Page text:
Blair, of future eminence and distinction in life.

At the same time this virtuous fincerity is 32. Sincerity and Truth recommended.

perfectly confiftent with the most prudent It is necessary to recommend to you fin- vigilance and caution. It is oppofed to cerity and truth. This is the basis of every cunning, not to true wirdom. It is not the vizue. That darkness of character, where simplicity of a weak and improvident, but we can see no heart; those foldings of art, the candour of an enlarged and noble mind; through which no native affection is allowed of one who scorns deceit, becaufe he acto penetrate, present an object, unamiable counts it both base and unprofitable; and in every season of life, but particularly who seeks no disguise, because he needs odious in youth. If, at an age when the none to hide him.

Ibid. heart is warm, when the emotions are ftrong, and when nature is expected to thew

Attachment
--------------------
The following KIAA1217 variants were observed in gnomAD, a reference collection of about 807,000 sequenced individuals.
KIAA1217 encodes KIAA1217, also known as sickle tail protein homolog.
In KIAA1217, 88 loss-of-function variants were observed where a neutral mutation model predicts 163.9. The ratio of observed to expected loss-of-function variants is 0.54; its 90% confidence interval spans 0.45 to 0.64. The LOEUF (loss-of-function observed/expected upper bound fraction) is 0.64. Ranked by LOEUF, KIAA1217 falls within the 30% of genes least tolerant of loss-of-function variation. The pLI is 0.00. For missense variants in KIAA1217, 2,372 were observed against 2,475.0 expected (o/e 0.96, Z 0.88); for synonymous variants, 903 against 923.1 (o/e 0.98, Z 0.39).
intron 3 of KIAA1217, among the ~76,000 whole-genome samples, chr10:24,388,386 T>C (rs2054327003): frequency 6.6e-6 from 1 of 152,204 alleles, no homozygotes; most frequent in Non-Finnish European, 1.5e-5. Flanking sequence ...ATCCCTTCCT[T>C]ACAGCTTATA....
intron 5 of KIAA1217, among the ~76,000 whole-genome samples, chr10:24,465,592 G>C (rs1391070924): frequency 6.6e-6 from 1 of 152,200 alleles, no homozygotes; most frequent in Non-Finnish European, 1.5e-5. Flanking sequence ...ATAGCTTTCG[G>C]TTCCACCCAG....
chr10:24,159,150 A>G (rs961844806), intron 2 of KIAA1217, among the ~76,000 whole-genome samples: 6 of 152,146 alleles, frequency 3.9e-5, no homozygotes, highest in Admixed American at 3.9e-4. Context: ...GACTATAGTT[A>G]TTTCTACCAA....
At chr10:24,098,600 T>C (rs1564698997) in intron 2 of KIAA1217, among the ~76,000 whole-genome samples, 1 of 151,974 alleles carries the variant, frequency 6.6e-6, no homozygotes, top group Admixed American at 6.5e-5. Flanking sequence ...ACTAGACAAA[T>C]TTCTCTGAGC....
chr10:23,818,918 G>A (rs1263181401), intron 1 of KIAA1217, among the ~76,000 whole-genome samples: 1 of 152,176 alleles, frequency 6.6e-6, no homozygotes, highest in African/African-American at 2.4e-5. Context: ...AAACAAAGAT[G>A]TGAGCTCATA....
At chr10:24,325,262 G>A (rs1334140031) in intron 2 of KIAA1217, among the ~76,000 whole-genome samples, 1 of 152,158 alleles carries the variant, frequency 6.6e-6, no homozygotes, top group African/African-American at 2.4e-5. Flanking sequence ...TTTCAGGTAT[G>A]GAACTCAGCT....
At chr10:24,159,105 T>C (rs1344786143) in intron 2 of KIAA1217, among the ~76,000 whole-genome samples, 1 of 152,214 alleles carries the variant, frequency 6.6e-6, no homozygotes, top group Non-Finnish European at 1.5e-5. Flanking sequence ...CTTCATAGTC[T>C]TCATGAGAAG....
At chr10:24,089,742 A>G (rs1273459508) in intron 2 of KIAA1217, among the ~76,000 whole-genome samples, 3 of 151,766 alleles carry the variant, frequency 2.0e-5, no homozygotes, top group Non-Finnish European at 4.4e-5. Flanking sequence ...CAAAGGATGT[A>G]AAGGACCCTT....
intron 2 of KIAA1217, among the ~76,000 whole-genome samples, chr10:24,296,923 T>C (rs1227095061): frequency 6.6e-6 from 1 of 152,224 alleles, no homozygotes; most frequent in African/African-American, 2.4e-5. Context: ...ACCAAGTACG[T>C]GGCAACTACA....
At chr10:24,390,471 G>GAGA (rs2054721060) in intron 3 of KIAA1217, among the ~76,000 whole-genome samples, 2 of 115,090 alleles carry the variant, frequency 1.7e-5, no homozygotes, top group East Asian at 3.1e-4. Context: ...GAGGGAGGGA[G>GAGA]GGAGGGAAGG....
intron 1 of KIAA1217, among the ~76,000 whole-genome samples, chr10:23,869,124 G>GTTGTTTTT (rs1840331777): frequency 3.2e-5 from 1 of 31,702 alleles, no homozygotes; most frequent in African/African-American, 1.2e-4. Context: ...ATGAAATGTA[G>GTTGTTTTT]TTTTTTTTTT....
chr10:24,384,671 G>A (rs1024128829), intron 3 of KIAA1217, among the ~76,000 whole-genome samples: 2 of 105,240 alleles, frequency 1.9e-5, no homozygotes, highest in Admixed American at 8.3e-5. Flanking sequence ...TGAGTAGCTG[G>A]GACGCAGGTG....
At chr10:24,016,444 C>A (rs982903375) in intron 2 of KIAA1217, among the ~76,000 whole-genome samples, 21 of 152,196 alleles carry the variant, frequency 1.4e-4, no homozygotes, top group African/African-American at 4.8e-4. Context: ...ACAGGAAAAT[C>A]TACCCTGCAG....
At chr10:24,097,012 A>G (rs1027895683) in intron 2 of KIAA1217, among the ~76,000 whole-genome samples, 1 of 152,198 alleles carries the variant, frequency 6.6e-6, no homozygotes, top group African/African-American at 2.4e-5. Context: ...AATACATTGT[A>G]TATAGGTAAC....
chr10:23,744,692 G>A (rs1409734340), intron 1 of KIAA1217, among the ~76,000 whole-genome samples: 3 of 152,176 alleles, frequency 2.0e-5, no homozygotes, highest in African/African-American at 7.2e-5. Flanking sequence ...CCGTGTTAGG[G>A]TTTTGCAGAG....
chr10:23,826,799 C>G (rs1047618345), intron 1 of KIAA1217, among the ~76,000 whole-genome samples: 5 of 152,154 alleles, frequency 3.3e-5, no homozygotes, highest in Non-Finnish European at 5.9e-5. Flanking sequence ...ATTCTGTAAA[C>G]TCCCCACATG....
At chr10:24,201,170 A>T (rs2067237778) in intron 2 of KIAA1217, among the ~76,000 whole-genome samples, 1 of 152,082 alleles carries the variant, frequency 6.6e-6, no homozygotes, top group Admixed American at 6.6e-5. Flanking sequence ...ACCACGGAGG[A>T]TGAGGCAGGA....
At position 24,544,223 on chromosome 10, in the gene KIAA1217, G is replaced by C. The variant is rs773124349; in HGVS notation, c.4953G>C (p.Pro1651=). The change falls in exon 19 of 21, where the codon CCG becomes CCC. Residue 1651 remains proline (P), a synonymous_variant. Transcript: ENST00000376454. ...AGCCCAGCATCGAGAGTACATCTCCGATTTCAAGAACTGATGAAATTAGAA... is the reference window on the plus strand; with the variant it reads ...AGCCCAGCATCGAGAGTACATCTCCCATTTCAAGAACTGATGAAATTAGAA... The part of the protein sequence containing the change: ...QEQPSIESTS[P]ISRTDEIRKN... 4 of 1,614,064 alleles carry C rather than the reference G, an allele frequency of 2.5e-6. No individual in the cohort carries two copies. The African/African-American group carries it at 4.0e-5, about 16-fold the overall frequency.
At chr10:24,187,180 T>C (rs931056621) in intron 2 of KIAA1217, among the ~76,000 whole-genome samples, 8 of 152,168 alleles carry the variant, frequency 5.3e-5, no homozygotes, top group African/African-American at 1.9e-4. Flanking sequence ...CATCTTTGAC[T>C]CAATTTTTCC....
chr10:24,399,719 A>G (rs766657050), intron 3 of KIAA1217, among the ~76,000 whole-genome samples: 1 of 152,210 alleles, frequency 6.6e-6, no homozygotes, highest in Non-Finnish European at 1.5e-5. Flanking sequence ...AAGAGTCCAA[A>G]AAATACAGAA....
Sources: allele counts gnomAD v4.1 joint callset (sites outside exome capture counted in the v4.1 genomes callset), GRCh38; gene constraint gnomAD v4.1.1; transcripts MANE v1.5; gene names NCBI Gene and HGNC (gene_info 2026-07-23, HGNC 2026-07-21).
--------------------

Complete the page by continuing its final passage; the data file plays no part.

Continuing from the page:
§ 33. Benevolence and Humanity, herself free and open, you can already smile Youth is the proper season of cultivat. and deceive, what are we to look for, when ing the benevolent and humane affections. you shall be longer hackneyed in the ways As a great part of your happiness is to of men; when interest shall have completed depend on the connections which you form the obduration of your heart, and experi. with others, it is of high importance that ence hall have improved you in all the arts you acquire betimes the temper and the of guile? Dilimulation in youth is the manners which will render such connections forerunner of perhdy in old age. Its comfortable. Let a sense of justice be the Atsi appearance is the fatal omen of grow. foundation of all your social qualities. In ing depravity and future shame. It de- your moit early intercourse with the world, grades parts and learning; obscures the and even in your youthful amusements, let, luitre of every accomplithment; and finks no unfairness be found. Engrave on your you into contempt with God and man. As mind that sacred rule, of doing in all you value, therefore, the approbation of things to others, according as you wish Heaven, or the esteem of the world, culti- that they fhould do unto you.' For this Fate the love of truth. In all your pro- end, impress yourselves with a deep sense ceedings, be direct and consistent. Inge- of the original and natural equality of nuity and candour possess the most power. men. Whatever advantages of birth or ful charm; they bespeak universal favour, fortune you possess, never display them and carry an apology for almost every fail- with an oftentatious fuperiority. Leave ing. The path of truth is a plain and safe the subordinations of rank, to regulate the path; that of falsehood is a perplexing intercourse of more advanced years. At